Dan Moore (4th round) has a good argument for being the best player on this list. An injury to another player elevated Moore into the starting LT job for the Steelers as a rookie and Moore has made 33 starts over the last 2 years. He had a 57.8 PFF grade as a rookie and 62.4 grade last season. A sign that the team wants to upgrade from Moore is they drafted Broderick Jones out of Georgia, 14th overall. Jones has a 59.9 PFF grade this preseason. While Jones is expected to become the LT at some point, for now Moore is still 1st string.

Josh Ball (compensatory 4th rd) did not look good early on for the Dallas Cowboys, but he could be turning a corner. He had a 47.5 PFF grade in 2022 preseason, but in limited action was at 73.4 in the regular season and is coming off perhaps his best game as a pro, with a 77.8 grade this preseason. He was moved inside to G after being an OT to begin his career. That versatility could become important, because Dallas has some injury issues on their OL and might need Ball to fill it a number of different positions. Ball's move inside instead of competing for the swing OT job is perhaps a sign of Dallas not being confident that he could hold up outside at tackle.

D'Ante Smith (compensatory 4th rd) is a rarely used backup for the Bengals. The "failure" of draft picks like Smith to fix the OL woes for the team resulted in the Bengals turning to free agency to add veterans to the roster. This is an expensive way to try to shore up the OL. In 2023, per spotrac, the Bengals rank 4th in the NFL in the percentage of the salary cap spent on the offensive line, nearly $58 million in cap dollars. In contrast, the Rams rank 29th in cap spending towards the OL, at $30.6 million. Smith had a good PFF grade his rookie preseason, but has had terrible PFF grades the more recent 2 preseasons.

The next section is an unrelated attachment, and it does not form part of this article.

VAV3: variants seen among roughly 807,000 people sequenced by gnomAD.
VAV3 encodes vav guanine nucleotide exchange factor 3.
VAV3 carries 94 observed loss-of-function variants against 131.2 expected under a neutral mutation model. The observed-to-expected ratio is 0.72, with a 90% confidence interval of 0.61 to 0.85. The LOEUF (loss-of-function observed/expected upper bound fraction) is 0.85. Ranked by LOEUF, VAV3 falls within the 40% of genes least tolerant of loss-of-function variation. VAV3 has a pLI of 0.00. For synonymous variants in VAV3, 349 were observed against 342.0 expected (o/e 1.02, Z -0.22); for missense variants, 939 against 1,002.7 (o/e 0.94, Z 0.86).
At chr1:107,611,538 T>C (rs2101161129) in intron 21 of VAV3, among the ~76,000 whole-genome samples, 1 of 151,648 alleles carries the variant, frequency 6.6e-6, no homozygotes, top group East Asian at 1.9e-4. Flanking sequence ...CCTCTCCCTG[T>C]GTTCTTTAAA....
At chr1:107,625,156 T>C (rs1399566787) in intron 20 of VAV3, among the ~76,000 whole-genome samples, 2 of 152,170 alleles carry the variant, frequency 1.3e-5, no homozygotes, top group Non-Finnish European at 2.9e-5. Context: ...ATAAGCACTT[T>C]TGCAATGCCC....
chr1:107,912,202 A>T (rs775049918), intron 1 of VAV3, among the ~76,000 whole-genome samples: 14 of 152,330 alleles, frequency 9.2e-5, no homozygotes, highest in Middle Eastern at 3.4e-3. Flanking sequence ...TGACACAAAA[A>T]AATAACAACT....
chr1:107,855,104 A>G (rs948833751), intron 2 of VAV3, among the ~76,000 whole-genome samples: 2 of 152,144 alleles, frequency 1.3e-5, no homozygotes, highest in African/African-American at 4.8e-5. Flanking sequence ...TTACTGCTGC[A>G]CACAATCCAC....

Larry Borom (5th round) made 8 starts as a rookie and 9 starts last season. He's played RT, LG and LT. He graded 61.4 as a rookie and 64.7 in 2022. Borom has a 97.0 PFF grade this preseason. He's expected to be a swing backup OT for the Bears (they have Braxton Jones, who was surprisingly good at LT as a rookie in 2022 and 1st round pick Darnell Wright at RT.) Like Dan Moore, Borom has a solid argument for being better than Alaric Jackson. It says something about the state of the OL for the Rams that if you put Jackson on the Bears roster, he might only be the 4th OT or slid inside to be a backup G, but instead for the Rams Jackson might end up being the starting LT.